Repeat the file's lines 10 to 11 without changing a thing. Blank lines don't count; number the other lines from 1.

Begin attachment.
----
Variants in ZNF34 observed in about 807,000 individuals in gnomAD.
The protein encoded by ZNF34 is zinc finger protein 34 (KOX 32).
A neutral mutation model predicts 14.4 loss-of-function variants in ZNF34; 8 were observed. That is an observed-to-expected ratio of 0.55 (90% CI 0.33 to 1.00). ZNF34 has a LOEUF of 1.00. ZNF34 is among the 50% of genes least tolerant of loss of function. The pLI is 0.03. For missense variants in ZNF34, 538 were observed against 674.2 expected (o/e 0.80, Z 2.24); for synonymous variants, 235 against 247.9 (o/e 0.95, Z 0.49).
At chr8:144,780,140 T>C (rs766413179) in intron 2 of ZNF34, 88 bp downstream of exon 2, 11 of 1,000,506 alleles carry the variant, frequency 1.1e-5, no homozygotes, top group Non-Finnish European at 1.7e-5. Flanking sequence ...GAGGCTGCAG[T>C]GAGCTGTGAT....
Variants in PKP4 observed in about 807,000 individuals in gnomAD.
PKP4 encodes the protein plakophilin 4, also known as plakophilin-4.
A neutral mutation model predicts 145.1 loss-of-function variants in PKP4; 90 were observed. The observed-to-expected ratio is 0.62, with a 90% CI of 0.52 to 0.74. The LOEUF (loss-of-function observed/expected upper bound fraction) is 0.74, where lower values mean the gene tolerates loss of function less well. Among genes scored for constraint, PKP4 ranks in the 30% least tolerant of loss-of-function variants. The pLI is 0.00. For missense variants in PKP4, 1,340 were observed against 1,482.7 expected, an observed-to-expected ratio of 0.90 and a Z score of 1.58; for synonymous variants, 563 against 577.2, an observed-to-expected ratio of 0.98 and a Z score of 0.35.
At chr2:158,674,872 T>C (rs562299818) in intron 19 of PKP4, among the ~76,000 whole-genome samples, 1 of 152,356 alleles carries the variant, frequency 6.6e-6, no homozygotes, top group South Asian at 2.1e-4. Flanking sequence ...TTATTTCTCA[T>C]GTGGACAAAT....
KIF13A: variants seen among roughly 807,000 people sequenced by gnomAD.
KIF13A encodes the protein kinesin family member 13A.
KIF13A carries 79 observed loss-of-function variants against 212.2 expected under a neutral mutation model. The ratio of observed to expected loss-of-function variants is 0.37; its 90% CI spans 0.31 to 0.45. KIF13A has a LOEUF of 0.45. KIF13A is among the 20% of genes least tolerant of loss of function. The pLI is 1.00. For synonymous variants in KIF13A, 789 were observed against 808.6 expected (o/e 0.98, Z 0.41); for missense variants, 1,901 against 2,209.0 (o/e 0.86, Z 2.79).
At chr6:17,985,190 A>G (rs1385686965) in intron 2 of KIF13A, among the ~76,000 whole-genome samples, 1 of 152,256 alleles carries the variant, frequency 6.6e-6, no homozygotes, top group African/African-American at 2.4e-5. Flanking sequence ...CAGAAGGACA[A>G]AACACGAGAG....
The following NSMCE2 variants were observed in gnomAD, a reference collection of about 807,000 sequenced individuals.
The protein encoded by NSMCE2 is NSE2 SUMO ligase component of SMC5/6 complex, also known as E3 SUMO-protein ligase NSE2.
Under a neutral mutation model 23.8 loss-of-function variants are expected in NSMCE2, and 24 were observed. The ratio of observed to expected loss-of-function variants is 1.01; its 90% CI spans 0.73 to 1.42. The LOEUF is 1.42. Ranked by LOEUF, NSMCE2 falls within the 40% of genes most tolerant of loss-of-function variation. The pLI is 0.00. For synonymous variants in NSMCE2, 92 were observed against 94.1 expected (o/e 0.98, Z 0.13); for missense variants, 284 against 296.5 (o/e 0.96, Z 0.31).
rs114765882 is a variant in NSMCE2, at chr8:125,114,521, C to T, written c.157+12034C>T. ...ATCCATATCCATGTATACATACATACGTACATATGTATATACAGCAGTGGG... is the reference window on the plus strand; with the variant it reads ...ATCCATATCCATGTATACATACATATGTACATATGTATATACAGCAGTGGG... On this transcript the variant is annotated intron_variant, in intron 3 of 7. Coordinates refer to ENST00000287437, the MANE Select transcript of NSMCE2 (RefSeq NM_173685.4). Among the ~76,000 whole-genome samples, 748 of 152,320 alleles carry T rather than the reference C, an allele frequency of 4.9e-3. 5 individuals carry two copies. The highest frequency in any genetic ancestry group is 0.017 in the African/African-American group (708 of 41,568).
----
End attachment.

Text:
KIF13A encodes the protein kinesin family member 13A.
KIF13A carries 79 observed loss-of-function variants against 212.2 expected under a neutral mutation model. The ratio of observed to expected loss-of-function variants is 0.37; its 90% CI spans 0.31 to 0.45. KIF13A has a LOEUF of 0.45. KIF13A is among the 20% of genes least tolerant of loss of function. The pLI is 1.00. For synonymous variants in KIF13A, 789 were observed against 808.6 expected (o/e 0.98, Z 0.41); for missense variants, 1,901 against 2,209.0 (o/e 0.86, Z 2.79).